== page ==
The topic that generated the most amount of discomfort was what happens with Mommy and romance after the “potentially inevitable” occurs.  Talk about a downer conversation on a long drive.  It was partially awkward because I won't actually be here, with no "say" whatsoever, if/when that scenario evolves. It is just not, in any way, fun to think about; Jen even commented later that I was so matter of fact about it, she was a little worried. 

It's certainly not due to a lack of emotion - any husband (or wife) would, I am sure, have pretty strong feelings thinking about their life partner having someone else's companionship.  Being detached from the idea, at least during the conversation, is probably the only rational way to make it through that talk.  Enter in just a bit of emotion, and the message of “what I want our children to learn” gets lost way too easily.  I know Jen is young, attractive, fun, successful, and has a couple of adorable kids; despite her insistence on having no interest if this were to pass, there’s little chance of her being ignored in the dating front.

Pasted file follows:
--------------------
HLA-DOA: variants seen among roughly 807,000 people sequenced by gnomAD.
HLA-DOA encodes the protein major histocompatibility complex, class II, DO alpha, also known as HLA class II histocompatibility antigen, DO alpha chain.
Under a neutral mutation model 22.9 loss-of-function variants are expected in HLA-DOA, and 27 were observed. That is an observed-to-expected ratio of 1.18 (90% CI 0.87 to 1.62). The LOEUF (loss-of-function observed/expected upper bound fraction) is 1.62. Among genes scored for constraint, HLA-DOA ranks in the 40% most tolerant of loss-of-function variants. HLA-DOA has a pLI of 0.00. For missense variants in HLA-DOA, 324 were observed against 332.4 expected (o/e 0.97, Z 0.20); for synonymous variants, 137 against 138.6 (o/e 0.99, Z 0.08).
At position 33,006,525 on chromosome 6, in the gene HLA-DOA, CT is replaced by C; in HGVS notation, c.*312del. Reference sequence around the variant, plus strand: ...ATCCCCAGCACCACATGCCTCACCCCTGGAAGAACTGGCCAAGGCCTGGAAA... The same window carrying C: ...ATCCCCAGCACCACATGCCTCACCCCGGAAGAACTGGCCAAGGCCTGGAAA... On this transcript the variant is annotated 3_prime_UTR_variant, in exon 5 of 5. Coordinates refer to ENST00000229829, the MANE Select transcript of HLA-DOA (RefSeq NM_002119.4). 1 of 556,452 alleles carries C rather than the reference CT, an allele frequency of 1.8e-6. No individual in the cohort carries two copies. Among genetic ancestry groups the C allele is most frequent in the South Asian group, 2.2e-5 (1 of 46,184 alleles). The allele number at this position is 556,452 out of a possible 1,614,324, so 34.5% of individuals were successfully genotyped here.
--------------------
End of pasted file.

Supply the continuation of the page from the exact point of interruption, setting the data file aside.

If something were to happen to me, I hope she finds happiness; if that’s with someone who is a good person and a good father figure to our children, then that is the plan God had for this family.  I would much rather our kids be raised with love from a step-parent and grow up in a family, then have a single parent struggle to play the dual role of Mommy and Daddy.  When Josie was born, someone sent me the saying, “The best thing a father can do for his children is to love their mother.” I don’t see a clause in there making step-fathers ineligible.